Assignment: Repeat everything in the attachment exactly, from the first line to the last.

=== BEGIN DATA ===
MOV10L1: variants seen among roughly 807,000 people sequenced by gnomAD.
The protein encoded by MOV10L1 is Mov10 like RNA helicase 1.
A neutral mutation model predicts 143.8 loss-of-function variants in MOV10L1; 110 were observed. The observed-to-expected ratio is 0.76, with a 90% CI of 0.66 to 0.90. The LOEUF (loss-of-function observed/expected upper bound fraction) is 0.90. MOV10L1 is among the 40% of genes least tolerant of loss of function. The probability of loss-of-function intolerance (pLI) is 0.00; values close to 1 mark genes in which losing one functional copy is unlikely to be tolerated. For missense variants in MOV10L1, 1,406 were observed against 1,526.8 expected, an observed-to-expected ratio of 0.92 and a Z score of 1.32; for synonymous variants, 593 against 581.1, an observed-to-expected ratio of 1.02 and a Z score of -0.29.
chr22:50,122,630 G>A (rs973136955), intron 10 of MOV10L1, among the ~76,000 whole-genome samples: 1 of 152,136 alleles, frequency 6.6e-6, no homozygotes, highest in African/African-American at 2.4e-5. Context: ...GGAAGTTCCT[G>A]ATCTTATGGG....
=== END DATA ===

MOV10L1: variants seen among roughly 807,000 people sequenced by gnomAD.
The protein encoded by MOV10L1 is Mov10 like RNA helicase 1.
A neutral mutation model predicts 143.8 loss-of-function variants in MOV10L1; 110 were observed. The observed-to-expected ratio is 0.76, with a 90% CI of 0.66 to 0.90. The LOEUF (loss-of-function observed/expected upper bound fraction) is 0.90. MOV10L1 is among the 40% of genes least tolerant of loss of function. The probability of loss-of-function intolerance (pLI) is 0.00; values close to 1 mark genes in which losing one functional copy is unlikely to be tolerated. For missense variants in MOV10L1, 1,406 were observed against 1,526.8 expected, an observed-to-expected ratio of 0.92 and a Z score of 1.32; for synonymous variants, 593 against 581.1, an observed-to-expected ratio of 1.02 and a Z score of -0.29.
chr22:50,122,630 G>A (rs973136955), intron 10 of MOV10L1, among the ~76,000 whole-genome samples: 1 of 152,136 alleles, frequency 6.6e-6, no homozygotes, highest in African/African-American at 2.4e-5. Context: ...GGAAGTTCCT[G>A]ATCTTATGGG....